PRESIDENT Donald Trump's campaign will require those attending his upcoming rally to agree not to sue if they catch the novel coronavirus.
It was reported on Wednesday that Trump plans to resume indoor campaign rallies with an event in Tulsa, Oklahoma, on June 19, at a time when COVID-19 fears still persist.
A statement on the Trump campaign website informed those wishing to attend the Tulsa rally: "By clicking register below, you are acknowledging that an inherent risk of exposure to Covid-19 exists in any public place where people are present.
“By attending the rally, you and any guests voluntarily assume all risks related to exposure to Covid-19 and agree not to hold Donald J. Trump for President, Inc.; BOK Center; ASM Global; or any of their affiliates, directors, officers, employees, agents, contractors or volunteers liable for any illness or injury.”
The Tulsa event will be the first rally Trump has held since the coronavirus forced most of the U.S. into quarantine three months ago.
During that time, polls have started to favor presumptive Democratic nominee Joe Biden, as many have criticized Trump's handling of the virus and growing national unrest toward racial inequality and police brutality.
The Tulsa rally will be help on June 19, known as Juneteenth, an African-American holiday that recognizes the end of slavery in the United States.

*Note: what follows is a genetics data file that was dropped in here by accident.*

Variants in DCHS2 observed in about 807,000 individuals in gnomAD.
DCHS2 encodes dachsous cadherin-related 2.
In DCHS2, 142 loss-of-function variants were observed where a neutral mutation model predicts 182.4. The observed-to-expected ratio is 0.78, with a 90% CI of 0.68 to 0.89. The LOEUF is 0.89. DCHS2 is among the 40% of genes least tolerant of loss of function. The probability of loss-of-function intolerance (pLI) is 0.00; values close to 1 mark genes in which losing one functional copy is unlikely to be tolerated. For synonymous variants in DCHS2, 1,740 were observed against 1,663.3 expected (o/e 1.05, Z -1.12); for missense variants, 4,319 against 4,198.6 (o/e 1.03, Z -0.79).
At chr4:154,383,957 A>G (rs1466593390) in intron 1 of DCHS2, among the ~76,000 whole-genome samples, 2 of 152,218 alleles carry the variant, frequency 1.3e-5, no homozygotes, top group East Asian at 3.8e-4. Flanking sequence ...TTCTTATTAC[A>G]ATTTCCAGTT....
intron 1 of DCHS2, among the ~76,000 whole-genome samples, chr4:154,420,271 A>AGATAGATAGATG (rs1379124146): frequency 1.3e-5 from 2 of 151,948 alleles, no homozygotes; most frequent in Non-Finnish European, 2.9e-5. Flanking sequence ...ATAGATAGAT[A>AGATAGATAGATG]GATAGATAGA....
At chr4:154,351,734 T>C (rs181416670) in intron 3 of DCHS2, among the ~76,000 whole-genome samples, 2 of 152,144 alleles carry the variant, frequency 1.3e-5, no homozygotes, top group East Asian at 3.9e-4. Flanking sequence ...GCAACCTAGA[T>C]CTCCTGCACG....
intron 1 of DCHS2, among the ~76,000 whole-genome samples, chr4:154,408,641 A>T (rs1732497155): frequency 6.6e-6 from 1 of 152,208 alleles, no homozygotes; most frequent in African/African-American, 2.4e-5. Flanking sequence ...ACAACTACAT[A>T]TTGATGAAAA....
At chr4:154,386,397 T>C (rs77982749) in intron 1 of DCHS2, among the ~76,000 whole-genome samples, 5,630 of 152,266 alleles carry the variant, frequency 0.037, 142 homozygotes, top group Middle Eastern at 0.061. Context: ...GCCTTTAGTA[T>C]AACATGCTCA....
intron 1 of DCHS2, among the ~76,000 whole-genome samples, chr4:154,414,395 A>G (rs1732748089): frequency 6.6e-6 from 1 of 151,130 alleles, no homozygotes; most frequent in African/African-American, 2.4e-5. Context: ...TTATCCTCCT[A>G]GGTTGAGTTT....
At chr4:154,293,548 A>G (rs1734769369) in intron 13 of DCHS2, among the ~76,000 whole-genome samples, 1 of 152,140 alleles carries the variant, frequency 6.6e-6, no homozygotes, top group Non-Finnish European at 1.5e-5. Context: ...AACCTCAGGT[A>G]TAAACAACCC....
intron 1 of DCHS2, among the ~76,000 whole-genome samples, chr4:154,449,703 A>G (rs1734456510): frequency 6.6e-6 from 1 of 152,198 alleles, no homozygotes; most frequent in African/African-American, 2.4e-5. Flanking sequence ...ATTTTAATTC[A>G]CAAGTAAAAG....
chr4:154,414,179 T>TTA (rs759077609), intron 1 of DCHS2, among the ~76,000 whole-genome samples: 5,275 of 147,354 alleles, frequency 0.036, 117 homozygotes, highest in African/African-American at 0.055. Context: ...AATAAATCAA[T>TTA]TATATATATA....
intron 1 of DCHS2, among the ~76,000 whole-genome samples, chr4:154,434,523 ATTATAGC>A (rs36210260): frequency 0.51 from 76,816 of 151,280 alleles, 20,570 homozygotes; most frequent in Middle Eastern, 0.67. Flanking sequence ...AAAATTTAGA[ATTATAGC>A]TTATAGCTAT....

Tulsa was also the site of a massacre of black residents, in 1921.
Trump told reporters at the White House on Wednesday that he would announce a new location for a speech in August, when he will accept the Republican Party's nomination for president.
According to campaign advisers, sites under consideration include places in Texas and Georgia, but it is likely the president will choose Jacksonville, Florida.
The Republican National Convention, where he will be nominated, had been planned for Charlotte, North Carolina, but the state's Democratic governor Roy Cooper is refusing to allow the crowd size that Trump wants in order to maintain social distancing.
Trump said: "We're going to North Carolina at the appropriate time. The governor's a little backward there. He's a little bit behind. And unfortunately we're going to probably be having no choice but to move the Republican convention to another location. That'll be announced shortly."
It was recently revealed that President Trump planned to ditch the "Keep America Great" slogan just months before Election Day.
In response, those on social media offered their thoughts on what the new slogan should be.
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